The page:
In the first installment of a four-part series, Shutdown Corner was fortunate to speak to some of the game's best players, analysts, and Hall of Fame players about this year's class of HOF inductees. The first 2011 inductee is Deion Sanders, the ultimate shutdown corner — appropriate, yes?
In his 13-year career from 1989 through 2005, Sanders intercepted 51 passes for 1,331 return yards and nine touchdowns, a pretty amazing total considering the fact that through most of his career, opposing quarterbacks were very reluctant to throw to his side of the field. Basically, once Sanders' sense of the game matched his raw athletic talent, he picked off just about everything that came into his area. And as a punt and kick returner, he was equally unstoppable — he returned six punts and three kicks for touchdowns before the teams he was with realized that they were risking the health of their most important defensive asset on special teams.
Who better to talk about what made Sanders great than the one receiver who had the talent to elude him on a regular basis? That's why we asked Jerry Rice to share his thoughts on Sanders. The two men were teammates on the 1994 Super Bowl champion San Francisco 49ers, and faced each other often when Sanders moved on to the Dallas Cowboys in time for the 1995 season. The best receiver of all time could beat Prime Time, but even he had to work at it.
I first asked Rice about Sanders' one perceived deficit as a player — his reputation for avoiding contact, calling missed tackles "business decisions" and preferring to stick to pure coverage.
"Well, Deion would be the first one to tell you; he wasn't going to be one of those physical corners who would come up and make those really difficult tackles," Rice remembered. "He said, 'They pay me to cover, and they pay me to make plays,' and that was that. But we that when everything was on the line, he was going to be that shutdown corner. So, I think it's great that he's going into the Hall of Fame, but he was not one of those types of guys who would stick his nose in there and get really dirty.
"But the majority of cover corners …when Ronnie Lott played corner, he was one of those guys who was going to try and tackle and stuff like that. Most corners want to cover, and if they get in there with the big guys, like the offensive linemen coming down, their careers aren't going to last that long."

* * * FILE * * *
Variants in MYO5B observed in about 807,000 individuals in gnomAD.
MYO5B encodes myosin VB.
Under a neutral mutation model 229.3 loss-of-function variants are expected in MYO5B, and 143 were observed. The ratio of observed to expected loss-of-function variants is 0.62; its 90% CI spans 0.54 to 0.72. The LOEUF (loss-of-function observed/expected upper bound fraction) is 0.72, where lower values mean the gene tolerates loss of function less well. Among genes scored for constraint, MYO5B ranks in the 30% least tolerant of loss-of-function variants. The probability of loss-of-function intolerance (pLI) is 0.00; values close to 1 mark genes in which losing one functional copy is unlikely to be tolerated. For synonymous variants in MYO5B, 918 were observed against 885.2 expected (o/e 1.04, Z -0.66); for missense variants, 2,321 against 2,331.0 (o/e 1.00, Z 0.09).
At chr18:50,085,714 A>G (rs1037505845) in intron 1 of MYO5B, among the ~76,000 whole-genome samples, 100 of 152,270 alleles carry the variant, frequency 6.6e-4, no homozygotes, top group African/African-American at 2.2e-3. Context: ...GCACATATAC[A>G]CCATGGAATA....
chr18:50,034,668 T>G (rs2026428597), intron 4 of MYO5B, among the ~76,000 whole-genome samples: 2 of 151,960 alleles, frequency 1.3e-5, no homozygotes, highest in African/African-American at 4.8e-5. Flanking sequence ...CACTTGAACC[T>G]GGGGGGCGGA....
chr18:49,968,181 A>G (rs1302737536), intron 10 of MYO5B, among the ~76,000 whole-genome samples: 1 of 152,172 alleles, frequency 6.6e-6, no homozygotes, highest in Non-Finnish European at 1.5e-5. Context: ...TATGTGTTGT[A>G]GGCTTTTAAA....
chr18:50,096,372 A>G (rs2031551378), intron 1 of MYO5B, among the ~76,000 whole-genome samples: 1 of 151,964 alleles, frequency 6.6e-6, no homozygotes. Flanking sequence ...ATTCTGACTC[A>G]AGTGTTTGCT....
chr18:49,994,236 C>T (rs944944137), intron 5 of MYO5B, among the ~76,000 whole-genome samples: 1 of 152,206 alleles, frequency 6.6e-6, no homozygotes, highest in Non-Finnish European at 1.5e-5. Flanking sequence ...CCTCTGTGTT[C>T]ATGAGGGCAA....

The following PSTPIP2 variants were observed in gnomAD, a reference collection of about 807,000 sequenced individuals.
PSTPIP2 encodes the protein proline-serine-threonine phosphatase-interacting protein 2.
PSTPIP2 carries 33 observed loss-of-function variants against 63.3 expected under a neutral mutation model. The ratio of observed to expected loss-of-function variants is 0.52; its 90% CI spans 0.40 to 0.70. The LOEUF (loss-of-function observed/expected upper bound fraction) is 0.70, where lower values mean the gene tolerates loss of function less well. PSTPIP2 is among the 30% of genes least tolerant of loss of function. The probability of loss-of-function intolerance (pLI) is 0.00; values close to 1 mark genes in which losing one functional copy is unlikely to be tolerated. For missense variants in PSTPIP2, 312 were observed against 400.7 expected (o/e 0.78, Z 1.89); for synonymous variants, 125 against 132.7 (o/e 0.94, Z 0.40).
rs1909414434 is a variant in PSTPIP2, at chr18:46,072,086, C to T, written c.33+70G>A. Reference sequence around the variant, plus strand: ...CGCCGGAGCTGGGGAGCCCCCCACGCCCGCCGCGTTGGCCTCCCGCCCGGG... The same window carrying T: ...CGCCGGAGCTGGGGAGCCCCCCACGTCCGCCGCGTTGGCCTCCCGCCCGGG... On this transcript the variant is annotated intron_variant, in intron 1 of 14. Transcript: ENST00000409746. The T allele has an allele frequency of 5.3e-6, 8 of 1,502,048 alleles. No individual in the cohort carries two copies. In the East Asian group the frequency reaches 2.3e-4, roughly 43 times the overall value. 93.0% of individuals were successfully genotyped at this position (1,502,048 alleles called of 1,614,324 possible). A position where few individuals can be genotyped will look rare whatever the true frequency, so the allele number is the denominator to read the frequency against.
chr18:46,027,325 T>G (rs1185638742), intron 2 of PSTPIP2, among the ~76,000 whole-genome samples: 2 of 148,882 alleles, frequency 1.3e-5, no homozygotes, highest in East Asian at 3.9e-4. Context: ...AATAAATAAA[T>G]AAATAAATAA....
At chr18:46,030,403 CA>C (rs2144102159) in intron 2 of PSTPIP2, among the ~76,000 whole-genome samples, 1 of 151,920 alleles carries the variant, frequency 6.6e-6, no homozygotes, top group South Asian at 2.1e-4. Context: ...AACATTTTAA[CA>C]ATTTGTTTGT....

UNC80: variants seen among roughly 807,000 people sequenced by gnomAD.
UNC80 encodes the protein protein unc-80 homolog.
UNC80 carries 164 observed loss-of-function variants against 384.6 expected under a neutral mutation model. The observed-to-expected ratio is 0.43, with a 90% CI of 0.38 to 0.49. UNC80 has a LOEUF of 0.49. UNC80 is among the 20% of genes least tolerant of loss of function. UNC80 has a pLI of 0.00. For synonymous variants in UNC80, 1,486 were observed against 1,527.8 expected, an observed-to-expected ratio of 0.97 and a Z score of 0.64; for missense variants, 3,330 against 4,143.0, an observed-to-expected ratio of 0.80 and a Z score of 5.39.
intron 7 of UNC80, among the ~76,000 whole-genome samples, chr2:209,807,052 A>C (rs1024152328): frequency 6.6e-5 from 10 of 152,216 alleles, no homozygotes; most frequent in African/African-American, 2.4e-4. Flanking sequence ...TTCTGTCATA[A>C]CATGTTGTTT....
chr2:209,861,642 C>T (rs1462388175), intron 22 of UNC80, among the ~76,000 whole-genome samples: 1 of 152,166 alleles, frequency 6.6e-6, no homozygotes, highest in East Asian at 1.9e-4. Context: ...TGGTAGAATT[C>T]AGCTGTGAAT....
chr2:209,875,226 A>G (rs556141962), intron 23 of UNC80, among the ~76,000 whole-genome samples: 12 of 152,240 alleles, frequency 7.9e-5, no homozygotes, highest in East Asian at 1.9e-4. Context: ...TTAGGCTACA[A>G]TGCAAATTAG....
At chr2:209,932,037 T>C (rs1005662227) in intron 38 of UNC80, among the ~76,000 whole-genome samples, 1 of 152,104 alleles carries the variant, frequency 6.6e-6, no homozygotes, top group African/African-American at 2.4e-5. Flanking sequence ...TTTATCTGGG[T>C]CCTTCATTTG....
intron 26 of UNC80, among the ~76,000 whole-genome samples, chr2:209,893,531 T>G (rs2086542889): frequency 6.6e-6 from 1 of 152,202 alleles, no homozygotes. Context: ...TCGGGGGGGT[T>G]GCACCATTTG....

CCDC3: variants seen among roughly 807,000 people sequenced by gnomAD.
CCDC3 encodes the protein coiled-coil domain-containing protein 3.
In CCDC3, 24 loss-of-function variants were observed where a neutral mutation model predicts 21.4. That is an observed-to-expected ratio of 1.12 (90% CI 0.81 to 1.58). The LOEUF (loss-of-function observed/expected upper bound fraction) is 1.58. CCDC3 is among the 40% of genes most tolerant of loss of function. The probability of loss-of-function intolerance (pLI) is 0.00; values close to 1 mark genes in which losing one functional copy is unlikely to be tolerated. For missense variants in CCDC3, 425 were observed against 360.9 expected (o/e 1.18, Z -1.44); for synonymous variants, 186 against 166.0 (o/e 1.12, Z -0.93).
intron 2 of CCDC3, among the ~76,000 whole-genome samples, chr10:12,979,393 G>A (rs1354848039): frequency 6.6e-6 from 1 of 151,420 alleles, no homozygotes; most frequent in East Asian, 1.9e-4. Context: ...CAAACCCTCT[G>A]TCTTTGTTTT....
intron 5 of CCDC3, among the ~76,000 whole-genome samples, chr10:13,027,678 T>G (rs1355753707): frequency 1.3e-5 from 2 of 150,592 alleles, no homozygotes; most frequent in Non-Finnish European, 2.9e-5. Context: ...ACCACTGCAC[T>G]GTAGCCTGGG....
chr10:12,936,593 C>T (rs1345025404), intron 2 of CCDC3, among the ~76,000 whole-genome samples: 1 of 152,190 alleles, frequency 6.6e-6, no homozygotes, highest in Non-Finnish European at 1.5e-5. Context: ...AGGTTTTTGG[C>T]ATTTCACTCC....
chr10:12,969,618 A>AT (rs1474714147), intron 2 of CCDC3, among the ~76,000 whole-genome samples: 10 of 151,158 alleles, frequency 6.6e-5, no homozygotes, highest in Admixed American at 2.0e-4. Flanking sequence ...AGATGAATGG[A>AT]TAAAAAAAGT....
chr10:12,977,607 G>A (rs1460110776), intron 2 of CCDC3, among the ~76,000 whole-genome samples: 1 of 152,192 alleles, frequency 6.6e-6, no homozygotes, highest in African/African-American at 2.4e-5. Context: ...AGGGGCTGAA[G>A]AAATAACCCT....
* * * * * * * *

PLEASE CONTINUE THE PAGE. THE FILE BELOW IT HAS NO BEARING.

I then asked Rice to recall what it was about him Sanders that made it so difficult to get past him to make a catch — after all, Rice had perhaps the greatest sense of route concepts and how to break coverage than any other receiver in the history of the game.
"Speed," he said. "When Deion first came in, he was all about speed, and then he worked on his technique. That's when he became a complete football player. I, on the other hand, had to use two or three moves to get off the line of scrimmage. As a defensive back, with a guy that fast, he wants you to turn and run. You can't outrun him, so I would try to get him off-base at the line of scrimmage with a few moves, Bill Walsh always told me that you win at the line of scrimmage, and I had some success with that.
And what made him such a good teammate? To a man, the guys who played with Sanders will talk about the fact that he was so much more than his reputation. "Well, it was him and his entourage. We're talking about Prime Time, man. But the thing that people don't realize about him is that when it came time to play, he was ready. He had his little ritual -- he would come into the locker room before the game and lay his uniform out. But when it came to being that shutdown corner … man, he was one of the best. He was right there with Rod Woodson and Darrell Green. I had to work a little harder to get free from those guys. It made me a better football player, and I really looked forward to those matchups. I mean, it was like Larry Holmes or George Foreman or Muhammad Ali the night before the big battle.
"We laugh about this now, but I remember the night before those matchups, I couldn't sleep, and he couldn't sleep. We were looking forward to those battles."
Next up? The great Marshall Faulk, and we have Rice and Marcus Allen to explain to us just why Faulk was so special.